Posted by: bkivey | 4 April 2010

Opening Day

Today is Opening Day for Major League Baseball. In celebration of this I am reprinting this article from Sports Illustrated published in September 1997.

A Solomonic Solution to Realignment

For some fans baseball is a religion. It all depends on how deeply you believe in the game ‘

 by Randy Alfred

 WALKING ACROSS the parking lot at Candlestick–not 3Com–Park, a friend and I indulged our baseball purism, denigrating the designated-hitter rule and railing against realignment. Then it hit me in a flash. Someday baseball will have three big leagues: Orthodox, Conservative and Reform. Here’s how the majors will look.

The Orthodox League doesn’t allow the designated hitter, the Conservative does. The Reform League uses the DH and the designated runner. It’s also doing market research on the designated bunter.

The Orthodox League does not believe in interleague play, except for All-Star Games and in October, when league champions meet in the World Series as ordained in the second chapter of Leviticus. (“You could look it up,” as the esteemed Rabbi Stengel often said.)

The Orthodox has eight teams, and the team that comes in first is champion. There is no league championship series, and there are playoffs only when two teams tie for first. (They meet in a best-of-three series.) The Conservative has 12 teams, two divisions and a league championship series. The Reform has 15 teams, three divisions, wild-card berths and playoffs.

All Orthodox teams are north of the Potomac and Ohio rivers and no farther west than St. Louis. Teams travel only by train. Conservative teams are scattered across the continental U.S. and travel by jet. Reform teams are found on the U.S. mainland, as well as in Hawaii, Canada, Mexico, the Dominican Republic, Cuba, Japan and the European Union. They often travel by supersonic transport.

The Reform League plays all its games at night, or, as it prefers to “prime time.” The Conservative League sometimes plays day games. The Orthodox League plays some night games, but never at Chicago’s Wrigley Field. Night games are permissible Tuesday through Friday (Monday is always a travel day, except when it’s a holiday) and are never allowed on weekends or on July 4.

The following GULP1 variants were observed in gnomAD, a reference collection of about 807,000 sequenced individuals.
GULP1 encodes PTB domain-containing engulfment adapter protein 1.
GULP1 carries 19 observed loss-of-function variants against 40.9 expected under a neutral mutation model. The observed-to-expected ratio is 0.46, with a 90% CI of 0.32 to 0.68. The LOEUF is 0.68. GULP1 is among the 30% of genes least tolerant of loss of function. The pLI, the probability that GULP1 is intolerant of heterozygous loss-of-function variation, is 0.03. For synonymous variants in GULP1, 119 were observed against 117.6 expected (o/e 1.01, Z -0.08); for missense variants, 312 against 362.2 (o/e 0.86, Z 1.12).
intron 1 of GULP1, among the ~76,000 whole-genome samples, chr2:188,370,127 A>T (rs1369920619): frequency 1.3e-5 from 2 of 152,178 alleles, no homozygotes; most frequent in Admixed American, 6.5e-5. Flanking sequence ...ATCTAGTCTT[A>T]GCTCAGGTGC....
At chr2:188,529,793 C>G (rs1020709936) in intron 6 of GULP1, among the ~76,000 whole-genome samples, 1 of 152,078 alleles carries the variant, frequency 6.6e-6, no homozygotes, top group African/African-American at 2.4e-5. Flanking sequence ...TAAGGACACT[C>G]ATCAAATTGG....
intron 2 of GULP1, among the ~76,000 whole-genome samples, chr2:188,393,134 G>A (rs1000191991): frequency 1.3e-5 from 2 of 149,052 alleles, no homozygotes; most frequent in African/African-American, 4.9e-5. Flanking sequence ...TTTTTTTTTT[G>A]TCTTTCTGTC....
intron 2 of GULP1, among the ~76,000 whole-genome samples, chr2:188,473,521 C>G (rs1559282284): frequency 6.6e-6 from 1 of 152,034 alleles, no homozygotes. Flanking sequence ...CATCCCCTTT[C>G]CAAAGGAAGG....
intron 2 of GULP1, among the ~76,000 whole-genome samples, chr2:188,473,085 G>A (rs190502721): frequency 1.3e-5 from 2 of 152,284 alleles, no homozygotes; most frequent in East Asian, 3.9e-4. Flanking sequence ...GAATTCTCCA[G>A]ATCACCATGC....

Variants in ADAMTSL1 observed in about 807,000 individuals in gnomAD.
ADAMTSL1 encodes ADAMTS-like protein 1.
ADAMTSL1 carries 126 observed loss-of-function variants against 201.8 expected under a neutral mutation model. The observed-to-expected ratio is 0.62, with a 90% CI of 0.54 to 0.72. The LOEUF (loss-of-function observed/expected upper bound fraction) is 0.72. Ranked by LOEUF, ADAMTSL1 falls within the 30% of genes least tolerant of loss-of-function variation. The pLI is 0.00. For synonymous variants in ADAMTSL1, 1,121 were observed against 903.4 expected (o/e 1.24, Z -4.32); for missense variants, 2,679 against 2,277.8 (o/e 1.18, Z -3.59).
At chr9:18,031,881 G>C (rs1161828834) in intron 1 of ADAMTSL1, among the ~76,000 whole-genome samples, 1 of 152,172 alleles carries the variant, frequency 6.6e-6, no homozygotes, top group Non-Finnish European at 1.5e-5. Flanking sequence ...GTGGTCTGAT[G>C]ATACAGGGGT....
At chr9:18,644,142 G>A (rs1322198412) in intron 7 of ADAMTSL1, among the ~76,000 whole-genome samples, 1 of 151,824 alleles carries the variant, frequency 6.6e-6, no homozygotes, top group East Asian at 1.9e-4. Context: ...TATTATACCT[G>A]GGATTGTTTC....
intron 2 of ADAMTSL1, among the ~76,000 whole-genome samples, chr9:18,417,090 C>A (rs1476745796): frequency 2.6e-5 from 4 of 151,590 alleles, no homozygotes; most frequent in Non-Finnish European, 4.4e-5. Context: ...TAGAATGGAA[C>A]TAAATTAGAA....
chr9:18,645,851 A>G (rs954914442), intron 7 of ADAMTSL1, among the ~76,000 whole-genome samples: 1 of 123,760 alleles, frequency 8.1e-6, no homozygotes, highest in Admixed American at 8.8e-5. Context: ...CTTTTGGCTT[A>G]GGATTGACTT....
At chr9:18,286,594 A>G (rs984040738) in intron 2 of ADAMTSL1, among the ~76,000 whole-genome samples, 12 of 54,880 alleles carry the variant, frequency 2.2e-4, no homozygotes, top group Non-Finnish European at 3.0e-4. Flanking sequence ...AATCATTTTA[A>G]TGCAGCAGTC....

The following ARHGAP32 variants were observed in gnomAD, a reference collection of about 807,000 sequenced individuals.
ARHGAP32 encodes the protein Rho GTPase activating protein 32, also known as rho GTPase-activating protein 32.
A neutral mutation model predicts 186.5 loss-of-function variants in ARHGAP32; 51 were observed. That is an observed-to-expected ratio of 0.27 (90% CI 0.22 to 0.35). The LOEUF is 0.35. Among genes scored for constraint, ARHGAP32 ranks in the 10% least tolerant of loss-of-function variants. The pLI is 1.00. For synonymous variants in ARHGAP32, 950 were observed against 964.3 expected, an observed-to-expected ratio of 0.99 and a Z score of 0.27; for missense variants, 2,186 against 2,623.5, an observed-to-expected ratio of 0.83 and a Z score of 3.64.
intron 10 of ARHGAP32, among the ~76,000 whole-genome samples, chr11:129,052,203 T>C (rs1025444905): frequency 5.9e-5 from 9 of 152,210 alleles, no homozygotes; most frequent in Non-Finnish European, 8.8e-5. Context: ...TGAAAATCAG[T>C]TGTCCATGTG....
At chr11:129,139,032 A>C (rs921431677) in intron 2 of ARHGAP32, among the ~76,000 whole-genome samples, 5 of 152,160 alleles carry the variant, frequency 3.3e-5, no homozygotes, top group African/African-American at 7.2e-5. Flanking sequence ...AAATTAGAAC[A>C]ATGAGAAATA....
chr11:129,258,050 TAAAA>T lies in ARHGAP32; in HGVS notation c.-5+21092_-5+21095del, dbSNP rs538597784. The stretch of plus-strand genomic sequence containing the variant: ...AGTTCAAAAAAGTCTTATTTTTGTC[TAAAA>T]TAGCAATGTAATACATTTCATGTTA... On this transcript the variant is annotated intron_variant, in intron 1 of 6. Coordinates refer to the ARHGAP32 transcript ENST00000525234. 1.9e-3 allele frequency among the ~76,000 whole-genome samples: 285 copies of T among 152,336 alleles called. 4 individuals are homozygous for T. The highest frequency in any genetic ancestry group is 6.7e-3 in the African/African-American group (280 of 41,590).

The Orthodox schedule always includes doubleheaders, partly from piety and partly from the necessity of working around all the travel days. The Conservative schedule occasionally includes doubleheaders and allows for twin bills to make up rainouts, snow-outs and fog-outs. The Reform League does not allow doubleheaders or any other revenue-reducing schemes.

A Reform team’s schedule consists of 175 games between March and October. The Conservative League plays a 162-game schedule starting on April Fool’s Day. An Orthodox team plays 154 games, 11 each at home and away against each of the other seven teams, as revealed by the Prophet Spalding. The Orthodox League, needless to say, does not recognize records from the other leagues.

The Orthodox does not allow artificial turf or indoor stadiums. The Conservative allows artificial turf only in indoor stadiums. The Reform does not allow grass.

In the Orthodox League, umpires always wear blue blazers, the home team always wears white uniforms with the team name and the visiting team always wears gray with the city name. Teams are always named after cities, not states or corporations. The Conservative League has no such restrictions. Reform League uniforms are selected by a set designer in consultation with an advertising agent,

Every Reform game is on TV, but it’s always cable TV. Some Conservative games are on cable, some on free TV, some not on TV. Orthodox games are broadcast on radio only, the way Mel Allen intended.

In the Orthodox game, “The strike zone is that area over home plate the upper limit of which is a horizontal line at the midpoint between the top of the shoulders and the top of the uniform pants, and the lower level is a line at the hollow beneath the kneecap.” In the Conservative game, the strike zone is what the umpire says it is. In the Reform game, the strike zone is what the centerfield camera says it is.

The Orthodox serves only food that is “kosher for ballparks,” namely beer, soda, hot dogs, Polish sausages, peanuts and Cracker Jack. Wine is prohibited. The Conservative allows Orthodox food plus pizza, nachos and wine. Reform stadiums offer franchise fast food.

No such sectarian divisiveness afflicts other pro sports: NFL team owners have reconstituted themselves as the College of Cardinals and replaced the commissioner with a pope, and the NBA is governed by 29 mullahs and an ayatollah.         

 

 

 

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